Statewide food tasting festivals let local chefs strut their stuff. This is the chance to sample signature dishes from the finest resort restaurants. The Taste of the Summit, in late June, summons chefs from restaurants in the world-class resorts of Keystone, Copper Mountain and Breckenridge in addition to the towns of Dillon, Frisco and Silverthorne. Breckenridge, itself, with more than 100 fine restaurants in this restored Victorian mining town,holds its tasting over the Memorial Day weekend, combining it with cooking demonstrations. The posh resort of Beaver Creek shares its delicious secrets in a summer tasting fete. And, in early fall, Grand Junction celebrates its newest harvest with a wine festival and tastings from its critically acclaimed six wineries.

Hot air balloon festivals are feasts for the eyes. Mass ascensions in Snowmass, Steamboat Springs and Telluride are spectacular summer traditions. Pilots challenge each other's maneuvers with tests of skill, while visitors engage in sensory overload.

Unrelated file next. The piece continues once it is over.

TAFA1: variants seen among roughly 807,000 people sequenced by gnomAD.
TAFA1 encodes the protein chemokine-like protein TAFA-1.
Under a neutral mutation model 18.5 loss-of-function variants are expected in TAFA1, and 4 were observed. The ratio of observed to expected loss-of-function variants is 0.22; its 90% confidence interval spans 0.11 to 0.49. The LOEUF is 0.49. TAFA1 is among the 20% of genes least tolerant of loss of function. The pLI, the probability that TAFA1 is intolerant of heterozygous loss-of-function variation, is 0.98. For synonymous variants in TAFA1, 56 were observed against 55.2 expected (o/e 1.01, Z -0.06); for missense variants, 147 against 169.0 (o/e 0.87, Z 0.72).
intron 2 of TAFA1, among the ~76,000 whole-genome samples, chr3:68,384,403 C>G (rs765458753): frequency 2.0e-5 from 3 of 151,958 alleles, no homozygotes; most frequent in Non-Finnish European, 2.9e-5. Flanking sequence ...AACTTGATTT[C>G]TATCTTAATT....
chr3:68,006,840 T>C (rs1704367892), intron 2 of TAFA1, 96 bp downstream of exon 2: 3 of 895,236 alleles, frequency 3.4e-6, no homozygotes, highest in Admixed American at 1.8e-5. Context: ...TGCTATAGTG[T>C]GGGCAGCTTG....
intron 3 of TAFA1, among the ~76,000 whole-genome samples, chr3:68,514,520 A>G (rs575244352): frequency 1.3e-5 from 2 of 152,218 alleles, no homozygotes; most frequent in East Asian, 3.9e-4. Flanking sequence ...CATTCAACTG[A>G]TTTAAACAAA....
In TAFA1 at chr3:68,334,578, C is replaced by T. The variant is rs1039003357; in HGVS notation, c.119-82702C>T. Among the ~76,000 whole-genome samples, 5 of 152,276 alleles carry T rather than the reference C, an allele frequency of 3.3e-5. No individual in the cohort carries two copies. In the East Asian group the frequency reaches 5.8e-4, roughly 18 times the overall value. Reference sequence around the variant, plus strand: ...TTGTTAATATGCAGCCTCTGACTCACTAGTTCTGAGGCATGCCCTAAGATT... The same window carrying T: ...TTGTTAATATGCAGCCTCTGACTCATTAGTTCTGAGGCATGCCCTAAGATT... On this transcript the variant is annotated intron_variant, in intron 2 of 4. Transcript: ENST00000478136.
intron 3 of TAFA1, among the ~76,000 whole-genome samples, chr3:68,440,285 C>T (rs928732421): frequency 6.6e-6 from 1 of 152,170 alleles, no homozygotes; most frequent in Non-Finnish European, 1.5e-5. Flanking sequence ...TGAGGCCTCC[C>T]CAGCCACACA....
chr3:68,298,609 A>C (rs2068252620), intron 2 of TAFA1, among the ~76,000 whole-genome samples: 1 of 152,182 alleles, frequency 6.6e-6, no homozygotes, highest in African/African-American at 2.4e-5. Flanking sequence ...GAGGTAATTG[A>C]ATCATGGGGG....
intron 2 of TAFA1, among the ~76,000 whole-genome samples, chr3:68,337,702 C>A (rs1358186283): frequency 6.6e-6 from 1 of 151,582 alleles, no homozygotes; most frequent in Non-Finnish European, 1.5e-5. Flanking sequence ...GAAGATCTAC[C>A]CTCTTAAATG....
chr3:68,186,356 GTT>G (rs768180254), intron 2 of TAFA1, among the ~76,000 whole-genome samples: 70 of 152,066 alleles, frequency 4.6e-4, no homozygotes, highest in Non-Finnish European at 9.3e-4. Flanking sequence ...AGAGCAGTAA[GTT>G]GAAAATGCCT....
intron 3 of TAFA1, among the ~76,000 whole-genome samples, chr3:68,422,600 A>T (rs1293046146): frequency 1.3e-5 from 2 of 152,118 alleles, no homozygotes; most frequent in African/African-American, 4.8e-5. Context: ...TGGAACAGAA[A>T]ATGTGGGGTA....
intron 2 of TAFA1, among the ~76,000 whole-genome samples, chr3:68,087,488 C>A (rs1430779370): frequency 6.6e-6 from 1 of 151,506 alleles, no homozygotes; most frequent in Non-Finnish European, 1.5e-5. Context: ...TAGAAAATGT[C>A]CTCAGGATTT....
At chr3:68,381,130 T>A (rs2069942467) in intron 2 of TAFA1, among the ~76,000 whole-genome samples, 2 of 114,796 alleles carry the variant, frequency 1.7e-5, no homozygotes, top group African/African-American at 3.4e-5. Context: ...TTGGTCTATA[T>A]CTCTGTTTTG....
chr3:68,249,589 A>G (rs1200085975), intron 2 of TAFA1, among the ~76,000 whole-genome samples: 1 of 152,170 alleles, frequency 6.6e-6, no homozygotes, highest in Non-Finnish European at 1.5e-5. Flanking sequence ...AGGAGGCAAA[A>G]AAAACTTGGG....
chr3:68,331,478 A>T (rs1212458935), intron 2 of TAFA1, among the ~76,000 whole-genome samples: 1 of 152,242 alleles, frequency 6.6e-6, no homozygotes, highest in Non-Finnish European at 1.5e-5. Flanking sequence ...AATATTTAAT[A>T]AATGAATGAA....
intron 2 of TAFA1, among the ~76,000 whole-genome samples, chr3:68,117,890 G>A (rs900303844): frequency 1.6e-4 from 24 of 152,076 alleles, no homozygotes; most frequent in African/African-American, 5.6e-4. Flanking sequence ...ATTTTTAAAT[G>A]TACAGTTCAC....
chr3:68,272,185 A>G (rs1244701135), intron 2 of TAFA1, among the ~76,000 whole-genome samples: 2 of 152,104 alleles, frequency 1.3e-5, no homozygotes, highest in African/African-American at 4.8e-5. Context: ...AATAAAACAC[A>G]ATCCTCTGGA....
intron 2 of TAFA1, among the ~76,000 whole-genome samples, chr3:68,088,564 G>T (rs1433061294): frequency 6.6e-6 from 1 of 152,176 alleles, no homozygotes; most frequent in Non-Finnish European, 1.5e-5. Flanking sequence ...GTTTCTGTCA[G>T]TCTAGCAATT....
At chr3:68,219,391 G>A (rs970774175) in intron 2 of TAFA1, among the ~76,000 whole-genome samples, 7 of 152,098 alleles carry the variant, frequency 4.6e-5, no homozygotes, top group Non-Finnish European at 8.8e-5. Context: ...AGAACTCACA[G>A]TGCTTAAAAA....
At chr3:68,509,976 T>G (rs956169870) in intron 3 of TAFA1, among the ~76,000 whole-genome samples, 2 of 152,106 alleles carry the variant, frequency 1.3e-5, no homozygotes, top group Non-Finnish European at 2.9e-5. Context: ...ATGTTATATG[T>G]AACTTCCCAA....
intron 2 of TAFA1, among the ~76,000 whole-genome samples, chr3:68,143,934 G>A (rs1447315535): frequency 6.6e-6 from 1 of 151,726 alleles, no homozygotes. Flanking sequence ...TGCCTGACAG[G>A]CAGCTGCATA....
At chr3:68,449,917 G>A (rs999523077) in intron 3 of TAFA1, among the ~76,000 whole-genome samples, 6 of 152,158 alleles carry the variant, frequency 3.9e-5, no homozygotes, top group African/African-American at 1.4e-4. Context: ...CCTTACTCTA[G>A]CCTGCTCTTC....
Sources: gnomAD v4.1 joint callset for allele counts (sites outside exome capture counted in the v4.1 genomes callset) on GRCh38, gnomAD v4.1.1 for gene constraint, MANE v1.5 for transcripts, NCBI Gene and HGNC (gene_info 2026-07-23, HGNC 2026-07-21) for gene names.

Then there's Oktoberfest, usually celebrated in late September to coincide with the turning of the aspens. Beer, brats, music and dancing herald the start of fall in scores of towns.

Dude & Guest Ranches of Colorado

Kick the city off your shoes, and head for the hills. Enter the gate of a Colorado dude ranch, and your western fantasy begins to come true. Maybe it's because everyone, at one time or another, has dreamed about being a cowboy, or cowgirl. At a Colorado dude ranch, you get your wish--even if you've never ridden a horse before.

There are forested trail rides for novices, intermediate routes, and back country rides for experienced wranglers. Even overnight pack trips for the more adventuresome. There are breakfast rides, dinner rides, and all-day excursions. Some ranches have llama treks into the high country; these gentle beasts carry your lunch and gear, while you lead them along the trail.